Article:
"We may grow old in body, but we need never grow old in mind and spirit. . . . Old age is the consummation of life, rich in blessings. "

- Marcus Tullius Cicero

One of the greatest health problems facing women in this country today is breast cancer. About 1 in 9 will develop this disease at some time during her life. One of the major risk factors is being over the age of 50 years. Approximately 45% of all cases of breast cancer occur in women over age 65.' The majority of women residing in long-term care facilities are over the age of 65 and therefore are at high risk for the development of breast cancer. In addition, residents of Long Island, New York, are even more at risk: breast cancer rates are 30% higher than the national average in Nassau County and 10% higher in Suffolk County. Despite comprehensive research concerning the increased risk of breast cancer on Long Island, a rationale for these statistics has not been established.

The American Cancer Society recommends the monthly practice of breast self-examination (BSE) and yearly mammographies for women over the age of 50. Both of these methods should be continued after the age of 65. It is reasonable to expect that thorough, organized examinations for breast cancer or yearly mammographies would be a part of the services offered in long-term care facilities because a majority of the women residents are over the age of 65.

A descriptive study on breast cancer detection among women in long-term care facilities was undertaken because no research has been reported on this topic. Facilities chosen for this study were located on Long Island, an area that has the greatest national incidence of breast cancer.

REVIEW OF THE LITERATURE

Breast cancer is a major threat to elderly women because the incidence increases with age.2·3 A study done by Alien et al determined that 23% of the 1 ,795 patients studied with breast cancer between the ages of 15 and 94 years were over the age of 65, and 6.4% were over the age of 75.2 A study done by Robie noted that approximately 45% of new breast cancer cases were detected in women over the age of 65 .4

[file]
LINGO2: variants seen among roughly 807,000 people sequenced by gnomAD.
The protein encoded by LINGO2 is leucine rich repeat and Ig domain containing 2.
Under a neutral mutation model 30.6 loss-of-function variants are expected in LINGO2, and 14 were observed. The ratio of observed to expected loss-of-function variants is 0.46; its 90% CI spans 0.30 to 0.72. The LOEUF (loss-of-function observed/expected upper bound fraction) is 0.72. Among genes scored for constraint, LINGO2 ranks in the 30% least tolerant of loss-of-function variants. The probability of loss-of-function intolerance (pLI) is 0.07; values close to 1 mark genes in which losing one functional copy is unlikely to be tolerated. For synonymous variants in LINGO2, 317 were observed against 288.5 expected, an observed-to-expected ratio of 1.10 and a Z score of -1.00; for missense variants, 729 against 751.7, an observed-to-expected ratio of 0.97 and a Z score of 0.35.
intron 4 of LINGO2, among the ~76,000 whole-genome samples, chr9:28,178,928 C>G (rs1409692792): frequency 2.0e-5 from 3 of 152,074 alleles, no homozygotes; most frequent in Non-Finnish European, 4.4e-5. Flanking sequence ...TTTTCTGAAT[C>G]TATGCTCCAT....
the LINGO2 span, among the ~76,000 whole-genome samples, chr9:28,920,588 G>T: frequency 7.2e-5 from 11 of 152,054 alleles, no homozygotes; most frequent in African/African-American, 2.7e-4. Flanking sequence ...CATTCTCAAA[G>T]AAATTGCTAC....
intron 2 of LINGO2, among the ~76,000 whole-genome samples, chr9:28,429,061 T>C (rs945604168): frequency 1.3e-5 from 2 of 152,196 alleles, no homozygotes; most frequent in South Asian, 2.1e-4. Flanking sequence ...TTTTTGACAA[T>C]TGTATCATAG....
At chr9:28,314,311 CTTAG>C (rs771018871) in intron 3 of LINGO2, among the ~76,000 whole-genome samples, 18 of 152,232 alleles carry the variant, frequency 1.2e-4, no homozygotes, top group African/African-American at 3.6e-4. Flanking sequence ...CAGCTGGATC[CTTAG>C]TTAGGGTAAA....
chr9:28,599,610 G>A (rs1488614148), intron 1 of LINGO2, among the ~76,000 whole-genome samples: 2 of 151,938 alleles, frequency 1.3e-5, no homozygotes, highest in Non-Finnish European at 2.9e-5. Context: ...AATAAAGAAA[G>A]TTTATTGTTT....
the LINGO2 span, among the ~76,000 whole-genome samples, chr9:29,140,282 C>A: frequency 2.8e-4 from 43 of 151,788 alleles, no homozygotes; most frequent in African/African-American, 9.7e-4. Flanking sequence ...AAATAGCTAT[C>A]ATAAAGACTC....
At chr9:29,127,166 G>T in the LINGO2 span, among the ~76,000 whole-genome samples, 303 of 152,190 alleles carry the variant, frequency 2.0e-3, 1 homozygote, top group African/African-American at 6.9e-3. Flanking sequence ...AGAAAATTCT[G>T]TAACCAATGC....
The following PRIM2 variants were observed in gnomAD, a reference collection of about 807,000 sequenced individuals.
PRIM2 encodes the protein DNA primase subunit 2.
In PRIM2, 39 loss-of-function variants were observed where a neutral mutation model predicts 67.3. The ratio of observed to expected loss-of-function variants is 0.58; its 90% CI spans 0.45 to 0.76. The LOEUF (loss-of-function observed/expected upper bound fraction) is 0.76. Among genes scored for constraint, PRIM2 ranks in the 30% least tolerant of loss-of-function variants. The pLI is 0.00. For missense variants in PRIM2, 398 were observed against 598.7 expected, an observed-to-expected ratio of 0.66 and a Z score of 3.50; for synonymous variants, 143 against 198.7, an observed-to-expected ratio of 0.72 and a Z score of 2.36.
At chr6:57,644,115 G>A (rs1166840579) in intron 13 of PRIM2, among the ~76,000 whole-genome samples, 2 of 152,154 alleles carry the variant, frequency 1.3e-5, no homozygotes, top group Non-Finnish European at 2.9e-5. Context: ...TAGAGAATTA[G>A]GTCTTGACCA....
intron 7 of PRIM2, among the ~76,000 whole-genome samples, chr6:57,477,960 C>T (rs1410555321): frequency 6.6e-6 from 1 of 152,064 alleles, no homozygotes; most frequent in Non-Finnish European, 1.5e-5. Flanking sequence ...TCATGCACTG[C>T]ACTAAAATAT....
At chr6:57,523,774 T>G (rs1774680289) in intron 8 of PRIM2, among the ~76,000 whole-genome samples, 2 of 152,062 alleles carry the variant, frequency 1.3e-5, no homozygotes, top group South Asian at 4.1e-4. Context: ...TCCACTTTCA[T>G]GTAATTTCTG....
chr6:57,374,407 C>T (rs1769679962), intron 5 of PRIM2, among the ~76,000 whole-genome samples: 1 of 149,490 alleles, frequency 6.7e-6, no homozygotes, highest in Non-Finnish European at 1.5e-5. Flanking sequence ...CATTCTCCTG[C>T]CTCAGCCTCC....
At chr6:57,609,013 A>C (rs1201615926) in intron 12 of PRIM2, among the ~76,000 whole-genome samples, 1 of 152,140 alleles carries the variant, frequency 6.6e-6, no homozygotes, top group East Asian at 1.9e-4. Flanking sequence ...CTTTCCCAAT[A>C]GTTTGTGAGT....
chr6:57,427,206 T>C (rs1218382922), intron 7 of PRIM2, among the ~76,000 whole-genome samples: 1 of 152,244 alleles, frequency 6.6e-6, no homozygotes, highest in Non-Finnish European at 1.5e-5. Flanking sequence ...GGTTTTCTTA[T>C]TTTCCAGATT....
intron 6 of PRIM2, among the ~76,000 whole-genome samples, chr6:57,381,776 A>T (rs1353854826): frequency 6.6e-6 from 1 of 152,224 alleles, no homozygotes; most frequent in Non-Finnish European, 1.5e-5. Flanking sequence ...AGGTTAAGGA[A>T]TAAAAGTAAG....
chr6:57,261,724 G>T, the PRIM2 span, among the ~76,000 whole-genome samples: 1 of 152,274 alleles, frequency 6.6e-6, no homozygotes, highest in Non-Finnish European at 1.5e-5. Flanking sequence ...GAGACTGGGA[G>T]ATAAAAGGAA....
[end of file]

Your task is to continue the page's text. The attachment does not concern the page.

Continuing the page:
Years of life, even in patients of advanced age, are lost due to breast cancer.5 The life expectancy of the average 70-year-old woman is 15 years, and several years are contemplated for the average 85-year-old woman.2 Adkins, quoted in an article by Rybolt et al, reviewed 60 patients over the age of 75 and found that not one 78-yearold with breast cancer survived for even half of the life expectancy of 9.2 years.5 Most (71.4%) of the patients died of the breast cancer.

Amsterdam et al studied 100 Israeli women over 70 years of age who had breast cancer and found that surgery and irradiation could achieve a survival rate among these women almost equal to that of younger populations.6 In a retrospective study reported by Herbsman et al of 780 breast cancer patients treated surgically, 138 patients were over the age of 70. The rate of survival among the elderly group was comparable to that of the younger patients "irrespective of race, type of surgery, histology, or tumor size."7

Early detection offers the best hope of cure and decreased mortality. According to studies done by Eddy1 and Stewart8, continued screening will reduce mortality in women with breast cancer by about one third.

Robie points out that "physicians perform fewer breast examinations on women over age 65 than in the younger age group, and only 16% of mammograms are done in women over the age of 60."4 Rybolt and Waterbury determined that only 49% of physicians ordered mammographies on asymptomatic women, and only 1 1 % complied with American Cancer Society guidelines. Breast cancer detection methods were found to be frequently underused for older patients.5